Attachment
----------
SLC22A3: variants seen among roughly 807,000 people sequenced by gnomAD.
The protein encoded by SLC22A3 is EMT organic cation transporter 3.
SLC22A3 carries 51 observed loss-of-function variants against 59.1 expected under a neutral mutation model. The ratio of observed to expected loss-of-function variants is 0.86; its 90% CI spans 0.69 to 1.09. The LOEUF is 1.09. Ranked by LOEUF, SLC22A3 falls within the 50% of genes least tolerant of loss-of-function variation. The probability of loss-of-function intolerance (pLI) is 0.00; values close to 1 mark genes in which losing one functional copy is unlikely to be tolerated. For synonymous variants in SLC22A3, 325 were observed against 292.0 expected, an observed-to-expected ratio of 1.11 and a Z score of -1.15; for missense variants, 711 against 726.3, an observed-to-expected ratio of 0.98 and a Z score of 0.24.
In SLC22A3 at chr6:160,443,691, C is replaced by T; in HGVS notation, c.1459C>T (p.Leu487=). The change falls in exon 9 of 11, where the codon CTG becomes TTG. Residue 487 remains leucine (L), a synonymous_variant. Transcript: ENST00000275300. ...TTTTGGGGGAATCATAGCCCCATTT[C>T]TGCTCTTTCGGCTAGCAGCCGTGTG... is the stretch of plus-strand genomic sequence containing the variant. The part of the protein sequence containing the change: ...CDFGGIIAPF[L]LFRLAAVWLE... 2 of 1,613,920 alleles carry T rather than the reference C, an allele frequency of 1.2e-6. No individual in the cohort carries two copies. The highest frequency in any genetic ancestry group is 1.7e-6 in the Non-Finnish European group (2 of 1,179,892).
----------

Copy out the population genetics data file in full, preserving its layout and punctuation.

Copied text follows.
SLC22A3: variants seen among roughly 807,000 people sequenced by gnomAD.
The protein encoded by SLC22A3 is EMT organic cation transporter 3.
SLC22A3 carries 51 observed loss-of-function variants against 59.1 expected under a neutral mutation model. The ratio of observed to expected loss-of-function variants is 0.86; its 90% CI spans 0.69 to 1.09. The LOEUF is 1.09. Ranked by LOEUF, SLC22A3 falls within the 50% of genes least tolerant of loss-of-function variation. The probability of loss-of-function intolerance (pLI) is 0.00; values close to 1 mark genes in which losing one functional copy is unlikely to be tolerated. For synonymous variants in SLC22A3, 325 were observed against 292.0 expected, an observed-to-expected ratio of 1.11 and a Z score of -1.15; for missense variants, 711 against 726.3, an observed-to-expected ratio of 0.98 and a Z score of 0.24.
In SLC22A3 at chr6:160,443,691, C is replaced by T; in HGVS notation, c.1459C>T (p.Leu487=). The change falls in exon 9 of 11, where the codon CTG becomes TTG. Residue 487 remains leucine (L), a synonymous_variant. Transcript: ENST00000275300. ...TTTTGGGGGAATCATAGCCCCATTT[C>T]TGCTCTTTCGGCTAGCAGCCGTGTG... is the stretch of plus-strand genomic sequence containing the variant. The part of the protein sequence containing the change: ...CDFGGIIAPF[L]LFRLAAVWLE... 2 of 1,613,920 alleles carry T rather than the reference C, an allele frequency of 1.2e-6. No individual in the cohort carries two copies. The highest frequency in any genetic ancestry group is 1.7e-6 in the Non-Finnish European group (2 of 1,179,892).